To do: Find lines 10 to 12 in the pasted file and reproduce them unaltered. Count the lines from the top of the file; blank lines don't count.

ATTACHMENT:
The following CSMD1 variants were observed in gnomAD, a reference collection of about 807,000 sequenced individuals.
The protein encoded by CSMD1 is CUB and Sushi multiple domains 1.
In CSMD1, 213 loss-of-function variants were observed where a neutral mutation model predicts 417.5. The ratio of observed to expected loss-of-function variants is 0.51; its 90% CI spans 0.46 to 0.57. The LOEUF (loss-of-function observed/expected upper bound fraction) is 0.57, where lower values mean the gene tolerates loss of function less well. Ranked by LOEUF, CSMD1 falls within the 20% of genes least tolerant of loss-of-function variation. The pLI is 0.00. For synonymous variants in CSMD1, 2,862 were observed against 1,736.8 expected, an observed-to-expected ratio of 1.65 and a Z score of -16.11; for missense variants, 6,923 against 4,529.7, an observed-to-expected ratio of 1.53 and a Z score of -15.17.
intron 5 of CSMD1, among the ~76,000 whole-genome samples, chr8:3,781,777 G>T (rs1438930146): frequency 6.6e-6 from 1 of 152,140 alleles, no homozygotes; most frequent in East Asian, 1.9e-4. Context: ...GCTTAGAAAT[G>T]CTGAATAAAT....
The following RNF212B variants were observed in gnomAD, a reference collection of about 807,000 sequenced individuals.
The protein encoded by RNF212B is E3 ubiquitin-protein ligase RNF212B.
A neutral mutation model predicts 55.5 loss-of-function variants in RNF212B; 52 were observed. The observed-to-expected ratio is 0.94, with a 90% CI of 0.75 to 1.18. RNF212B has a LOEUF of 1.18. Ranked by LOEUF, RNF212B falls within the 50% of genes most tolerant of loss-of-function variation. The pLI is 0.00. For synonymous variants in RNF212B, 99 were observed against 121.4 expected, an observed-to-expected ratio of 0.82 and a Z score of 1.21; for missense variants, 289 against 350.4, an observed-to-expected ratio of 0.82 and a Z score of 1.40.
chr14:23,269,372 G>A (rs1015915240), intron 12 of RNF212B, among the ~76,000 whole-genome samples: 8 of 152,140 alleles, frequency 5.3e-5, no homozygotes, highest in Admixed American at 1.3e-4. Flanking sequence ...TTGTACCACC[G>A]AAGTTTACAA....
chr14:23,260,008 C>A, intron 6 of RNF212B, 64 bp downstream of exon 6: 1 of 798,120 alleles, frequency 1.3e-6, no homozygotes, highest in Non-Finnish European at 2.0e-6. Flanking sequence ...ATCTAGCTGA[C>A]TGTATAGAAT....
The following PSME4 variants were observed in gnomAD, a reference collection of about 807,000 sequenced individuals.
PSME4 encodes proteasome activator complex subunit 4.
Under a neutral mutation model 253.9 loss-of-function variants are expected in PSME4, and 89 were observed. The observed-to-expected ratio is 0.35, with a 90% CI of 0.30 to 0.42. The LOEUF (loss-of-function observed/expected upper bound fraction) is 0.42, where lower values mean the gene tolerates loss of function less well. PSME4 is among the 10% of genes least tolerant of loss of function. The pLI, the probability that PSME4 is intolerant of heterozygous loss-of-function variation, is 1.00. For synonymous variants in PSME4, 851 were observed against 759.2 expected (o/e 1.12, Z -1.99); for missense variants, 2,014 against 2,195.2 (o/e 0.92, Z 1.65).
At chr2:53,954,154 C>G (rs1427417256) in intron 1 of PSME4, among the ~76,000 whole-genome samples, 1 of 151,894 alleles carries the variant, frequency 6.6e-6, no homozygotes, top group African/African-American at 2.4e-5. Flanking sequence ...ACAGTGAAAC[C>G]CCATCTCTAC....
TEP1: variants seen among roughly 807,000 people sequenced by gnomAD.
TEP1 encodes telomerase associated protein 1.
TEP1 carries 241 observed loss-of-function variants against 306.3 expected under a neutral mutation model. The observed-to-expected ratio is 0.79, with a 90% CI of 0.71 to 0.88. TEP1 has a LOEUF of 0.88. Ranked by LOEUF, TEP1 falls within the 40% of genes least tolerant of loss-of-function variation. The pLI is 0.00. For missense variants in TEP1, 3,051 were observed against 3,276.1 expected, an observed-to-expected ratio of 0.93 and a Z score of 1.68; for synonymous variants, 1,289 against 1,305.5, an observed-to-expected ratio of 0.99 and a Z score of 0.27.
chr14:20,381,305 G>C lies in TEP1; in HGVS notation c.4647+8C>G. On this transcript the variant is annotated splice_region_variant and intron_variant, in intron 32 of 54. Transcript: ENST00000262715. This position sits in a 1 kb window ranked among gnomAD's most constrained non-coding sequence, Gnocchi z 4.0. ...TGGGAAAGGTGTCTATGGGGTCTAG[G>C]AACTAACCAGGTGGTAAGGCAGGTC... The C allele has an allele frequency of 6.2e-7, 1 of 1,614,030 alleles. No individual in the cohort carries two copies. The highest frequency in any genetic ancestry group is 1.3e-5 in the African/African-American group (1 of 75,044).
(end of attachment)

The following PSME4 variants were observed in gnomAD, a reference collection of about 807,000 sequenced individuals.
PSME4 encodes proteasome activator complex subunit 4.
Under a neutral mutation model 253.9 loss-of-function variants are expected in PSME4, and 89 were observed. The observed-to-expected ratio is 0.35, with a 90% CI of 0.30 to 0.42. The LOEUF (loss-of-function observed/expected upper bound fraction) is 0.42, where lower values mean the gene tolerates loss of function less well. PSME4 is among the 10% of genes least tolerant of loss of function. The pLI, the probability that PSME4 is intolerant of heterozygous loss-of-function variation, is 1.00. For synonymous variants in PSME4, 851 were observed against 759.2 expected (o/e 1.12, Z -1.99); for missense variants, 2,014 against 2,195.2 (o/e 0.92, Z 1.65).